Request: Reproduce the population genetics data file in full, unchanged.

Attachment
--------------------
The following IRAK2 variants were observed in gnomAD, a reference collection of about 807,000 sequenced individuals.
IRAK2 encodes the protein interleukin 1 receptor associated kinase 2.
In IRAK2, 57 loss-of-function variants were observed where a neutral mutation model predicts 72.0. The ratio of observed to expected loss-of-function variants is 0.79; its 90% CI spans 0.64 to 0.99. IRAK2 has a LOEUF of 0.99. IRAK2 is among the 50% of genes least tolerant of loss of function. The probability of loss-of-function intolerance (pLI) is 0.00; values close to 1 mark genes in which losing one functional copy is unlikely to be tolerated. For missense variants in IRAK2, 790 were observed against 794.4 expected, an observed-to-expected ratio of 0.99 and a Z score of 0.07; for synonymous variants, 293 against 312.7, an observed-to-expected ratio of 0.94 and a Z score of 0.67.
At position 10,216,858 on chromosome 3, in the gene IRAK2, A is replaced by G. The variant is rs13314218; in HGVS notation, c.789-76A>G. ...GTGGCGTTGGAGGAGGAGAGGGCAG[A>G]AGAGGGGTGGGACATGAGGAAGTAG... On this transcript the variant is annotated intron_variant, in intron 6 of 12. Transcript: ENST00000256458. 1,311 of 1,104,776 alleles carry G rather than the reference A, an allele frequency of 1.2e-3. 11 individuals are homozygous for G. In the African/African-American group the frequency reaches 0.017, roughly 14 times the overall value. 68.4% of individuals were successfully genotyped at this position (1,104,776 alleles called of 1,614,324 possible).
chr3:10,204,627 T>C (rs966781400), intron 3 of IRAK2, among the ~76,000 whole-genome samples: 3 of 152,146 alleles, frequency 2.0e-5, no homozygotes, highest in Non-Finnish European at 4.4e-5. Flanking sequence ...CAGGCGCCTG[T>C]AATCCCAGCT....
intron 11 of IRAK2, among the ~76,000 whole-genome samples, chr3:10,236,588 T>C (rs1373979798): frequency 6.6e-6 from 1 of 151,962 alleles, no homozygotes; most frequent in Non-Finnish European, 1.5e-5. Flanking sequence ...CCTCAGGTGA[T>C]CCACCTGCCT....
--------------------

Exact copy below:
The following IRAK2 variants were observed in gnomAD, a reference collection of about 807,000 sequenced individuals.
IRAK2 encodes the protein interleukin 1 receptor associated kinase 2.
In IRAK2, 57 loss-of-function variants were observed where a neutral mutation model predicts 72.0. The ratio of observed to expected loss-of-function variants is 0.79; its 90% CI spans 0.64 to 0.99. IRAK2 has a LOEUF of 0.99. IRAK2 is among the 50% of genes least tolerant of loss of function. The probability of loss-of-function intolerance (pLI) is 0.00; values close to 1 mark genes in which losing one functional copy is unlikely to be tolerated. For missense variants in IRAK2, 790 were observed against 794.4 expected, an observed-to-expected ratio of 0.99 and a Z score of 0.07; for synonymous variants, 293 against 312.7, an observed-to-expected ratio of 0.94 and a Z score of 0.67.
At position 10,216,858 on chromosome 3, in the gene IRAK2, A is replaced by G. The variant is rs13314218; in HGVS notation, c.789-76A>G. ...GTGGCGTTGGAGGAGGAGAGGGCAG[A>G]AGAGGGGTGGGACATGAGGAAGTAG... On this transcript the variant is annotated intron_variant, in intron 6 of 12. Transcript: ENST00000256458. 1,311 of 1,104,776 alleles carry G rather than the reference A, an allele frequency of 1.2e-3. 11 individuals are homozygous for G. In the African/African-American group the frequency reaches 0.017, roughly 14 times the overall value. 68.4% of individuals were successfully genotyped at this position (1,104,776 alleles called of 1,614,324 possible).
chr3:10,204,627 T>C (rs966781400), intron 3 of IRAK2, among the ~76,000 whole-genome samples: 3 of 152,146 alleles, frequency 2.0e-5, no homozygotes, highest in Non-Finnish European at 4.4e-5. Flanking sequence ...CAGGCGCCTG[T>C]AATCCCAGCT....
intron 11 of IRAK2, among the ~76,000 whole-genome samples, chr3:10,236,588 T>C (rs1373979798): frequency 6.6e-6 from 1 of 151,962 alleles, no homozygotes; most frequent in Non-Finnish European, 1.5e-5. Flanking sequence ...CCTCAGGTGA[T>C]CCACCTGCCT....